The front-month/second-month CIF NWE spread narrowed to a nine-month low of $4.75/mt Thursday, down from $6.50/mt Wednesday, market participants said.
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The last time the premium of the front-month CIF NWE naphtha swap over the second-month naphtha swap was assessed lower was October 11, 2013, when the November/December spread was assessed at $4/mt.
"It's difficult to be as backwardated as we have been when prompt demand is poor and there is more than enough supply," said a naphtha trader. At noon London time Friday, the August/September spread was heard trading at $4.25/mt.
According to industry sources, the narrower backwardation of the naphtha paper market is also linked to the recent contango structure of the Brent crude futures curve.
The NWE naphtha market has been reported long for many weeks due to slow demand from regional end-users, but whereas demand from petrochemical buyers had stayed limited yet stable, demand from gasoline blenders has almost dried up this week as the front-month mogas/naphtha spread reached a fresh five-month low of $42.75/mt.
Thursday, The CIF Northwest European naphtha cargo value was assessed at a seven-week low of $926.25/mt, down $8.25/mt on the day. Meanwhile, the physical premium over the front-month swap remained at a year-to-date low of $2.75/mt, Platts data shows.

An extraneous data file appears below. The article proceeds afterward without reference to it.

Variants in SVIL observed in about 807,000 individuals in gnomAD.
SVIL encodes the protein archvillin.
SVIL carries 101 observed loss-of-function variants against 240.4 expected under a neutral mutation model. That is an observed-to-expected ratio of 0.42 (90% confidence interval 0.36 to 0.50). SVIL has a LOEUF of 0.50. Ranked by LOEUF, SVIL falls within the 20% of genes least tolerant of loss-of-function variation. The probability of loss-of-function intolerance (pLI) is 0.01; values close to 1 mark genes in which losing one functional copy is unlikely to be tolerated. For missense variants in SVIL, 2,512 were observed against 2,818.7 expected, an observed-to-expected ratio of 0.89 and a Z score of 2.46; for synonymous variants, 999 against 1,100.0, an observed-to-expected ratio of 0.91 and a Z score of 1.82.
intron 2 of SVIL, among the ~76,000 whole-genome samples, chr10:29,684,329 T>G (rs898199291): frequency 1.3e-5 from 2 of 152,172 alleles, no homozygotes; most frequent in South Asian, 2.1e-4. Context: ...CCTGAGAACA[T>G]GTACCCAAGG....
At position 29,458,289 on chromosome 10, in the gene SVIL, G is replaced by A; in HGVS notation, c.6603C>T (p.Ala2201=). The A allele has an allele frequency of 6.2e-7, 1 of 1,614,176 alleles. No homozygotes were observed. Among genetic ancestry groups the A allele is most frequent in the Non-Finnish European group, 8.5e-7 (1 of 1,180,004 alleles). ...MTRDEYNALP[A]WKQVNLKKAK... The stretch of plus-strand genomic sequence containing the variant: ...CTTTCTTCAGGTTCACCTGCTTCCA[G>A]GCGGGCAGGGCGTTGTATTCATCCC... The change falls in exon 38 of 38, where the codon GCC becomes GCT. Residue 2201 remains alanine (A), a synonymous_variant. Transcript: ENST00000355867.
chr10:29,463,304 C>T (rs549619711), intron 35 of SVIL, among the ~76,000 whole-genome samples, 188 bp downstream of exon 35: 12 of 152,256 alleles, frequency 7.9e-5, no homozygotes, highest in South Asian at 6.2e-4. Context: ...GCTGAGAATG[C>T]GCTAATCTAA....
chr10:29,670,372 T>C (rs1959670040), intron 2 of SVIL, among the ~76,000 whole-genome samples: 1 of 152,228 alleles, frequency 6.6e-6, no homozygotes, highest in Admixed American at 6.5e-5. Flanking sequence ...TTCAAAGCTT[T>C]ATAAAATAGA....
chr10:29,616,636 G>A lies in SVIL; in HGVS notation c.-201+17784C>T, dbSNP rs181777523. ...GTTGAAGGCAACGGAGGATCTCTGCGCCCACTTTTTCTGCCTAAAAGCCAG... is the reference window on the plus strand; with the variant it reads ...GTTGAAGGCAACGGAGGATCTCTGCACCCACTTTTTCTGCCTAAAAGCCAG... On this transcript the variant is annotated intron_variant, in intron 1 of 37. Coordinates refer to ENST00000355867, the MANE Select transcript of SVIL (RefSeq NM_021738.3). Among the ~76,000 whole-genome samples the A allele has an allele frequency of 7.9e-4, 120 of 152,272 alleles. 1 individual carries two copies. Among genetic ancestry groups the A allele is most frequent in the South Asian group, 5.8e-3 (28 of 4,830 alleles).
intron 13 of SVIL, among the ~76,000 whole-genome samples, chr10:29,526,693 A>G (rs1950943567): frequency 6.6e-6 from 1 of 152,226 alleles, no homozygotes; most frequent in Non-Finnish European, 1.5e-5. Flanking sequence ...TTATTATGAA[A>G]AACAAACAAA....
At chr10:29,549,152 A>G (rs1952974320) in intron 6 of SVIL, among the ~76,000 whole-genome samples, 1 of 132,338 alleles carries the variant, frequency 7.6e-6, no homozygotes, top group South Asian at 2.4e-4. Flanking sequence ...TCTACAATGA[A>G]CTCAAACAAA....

According to market participants, open spec naphtha is offered outside the Platts window at cash premiums of $4/mt to $5/mt over the August swap, while the few bids are made at flat or up to a $1/mt premium. "Apart from Asia, there is nothing giving support to the European naphtha market," said a trader.
The naphtha arbitrage to Asia, which was already wide open from the Mediterranean, is now reported slightly open from NWE, helped by a widening front-month East/West spread -- the premium of CFR Japan naphtha cargo swaps over the CIF NWE naphtha cargo swap -- pegged at a year-to-date high of $24/mt Friday.
However, this arbitrage risked being hindered by more expensive freight and tighter tonnage for long-range tankers. "For end-July and early-August loading LR tonnage is still very tight so I think that freight rates --certainly from ARA and the Baltics -- will remain well supported until the second half of August," said a trader.
Similar stories appear in European Marketscan See more information at http://www.platts.com/Products/europeanmarketscan